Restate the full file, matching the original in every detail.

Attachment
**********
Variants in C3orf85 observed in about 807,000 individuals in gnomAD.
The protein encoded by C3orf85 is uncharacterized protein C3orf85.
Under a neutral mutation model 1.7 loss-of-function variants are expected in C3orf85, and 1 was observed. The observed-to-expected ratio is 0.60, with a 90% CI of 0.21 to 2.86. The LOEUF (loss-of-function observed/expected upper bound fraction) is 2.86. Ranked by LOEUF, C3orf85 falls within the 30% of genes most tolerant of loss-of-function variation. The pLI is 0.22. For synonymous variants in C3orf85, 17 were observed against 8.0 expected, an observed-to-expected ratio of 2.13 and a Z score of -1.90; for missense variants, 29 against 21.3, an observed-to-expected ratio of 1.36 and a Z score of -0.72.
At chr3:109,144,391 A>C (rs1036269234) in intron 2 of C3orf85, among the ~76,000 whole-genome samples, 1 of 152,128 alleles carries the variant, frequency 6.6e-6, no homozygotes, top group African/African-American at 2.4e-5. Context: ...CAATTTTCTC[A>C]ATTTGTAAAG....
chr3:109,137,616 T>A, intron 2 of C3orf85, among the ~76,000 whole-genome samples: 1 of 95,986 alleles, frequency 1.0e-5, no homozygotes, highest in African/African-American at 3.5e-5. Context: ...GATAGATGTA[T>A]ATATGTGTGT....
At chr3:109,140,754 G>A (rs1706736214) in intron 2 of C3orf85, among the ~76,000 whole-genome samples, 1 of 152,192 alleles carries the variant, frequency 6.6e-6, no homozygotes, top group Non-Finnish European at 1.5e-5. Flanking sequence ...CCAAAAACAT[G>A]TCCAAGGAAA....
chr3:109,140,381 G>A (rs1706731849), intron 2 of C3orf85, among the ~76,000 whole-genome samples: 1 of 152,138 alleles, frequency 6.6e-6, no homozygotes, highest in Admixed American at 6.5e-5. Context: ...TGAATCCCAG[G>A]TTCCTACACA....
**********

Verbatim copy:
Variants in C3orf85 observed in about 807,000 individuals in gnomAD.
The protein encoded by C3orf85 is uncharacterized protein C3orf85.
Under a neutral mutation model 1.7 loss-of-function variants are expected in C3orf85, and 1 was observed. The observed-to-expected ratio is 0.60, with a 90% CI of 0.21 to 2.86. The LOEUF (loss-of-function observed/expected upper bound fraction) is 2.86. Ranked by LOEUF, C3orf85 falls within the 30% of genes most tolerant of loss-of-function variation. The pLI is 0.22. For synonymous variants in C3orf85, 17 were observed against 8.0 expected, an observed-to-expected ratio of 2.13 and a Z score of -1.90; for missense variants, 29 against 21.3, an observed-to-expected ratio of 1.36 and a Z score of -0.72.
At chr3:109,144,391 A>C (rs1036269234) in intron 2 of C3orf85, among the ~76,000 whole-genome samples, 1 of 152,128 alleles carries the variant, frequency 6.6e-6, no homozygotes, top group African/African-American at 2.4e-5. Context: ...CAATTTTCTC[A>C]ATTTGTAAAG....
chr3:109,137,616 T>A, intron 2 of C3orf85, among the ~76,000 whole-genome samples: 1 of 95,986 alleles, frequency 1.0e-5, no homozygotes, highest in African/African-American at 3.5e-5. Context: ...GATAGATGTA[T>A]ATATGTGTGT....
At chr3:109,140,754 G>A (rs1706736214) in intron 2 of C3orf85, among the ~76,000 whole-genome samples, 1 of 152,192 alleles carries the variant, frequency 6.6e-6, no homozygotes, top group Non-Finnish European at 1.5e-5. Flanking sequence ...CCAAAAACAT[G>A]TCCAAGGAAA....
chr3:109,140,381 G>A (rs1706731849), intron 2 of C3orf85, among the ~76,000 whole-genome samples: 1 of 152,138 alleles, frequency 6.6e-6, no homozygotes, highest in Admixed American at 6.5e-5. Context: ...TGAATCCCAG[G>A]TTCCTACACA....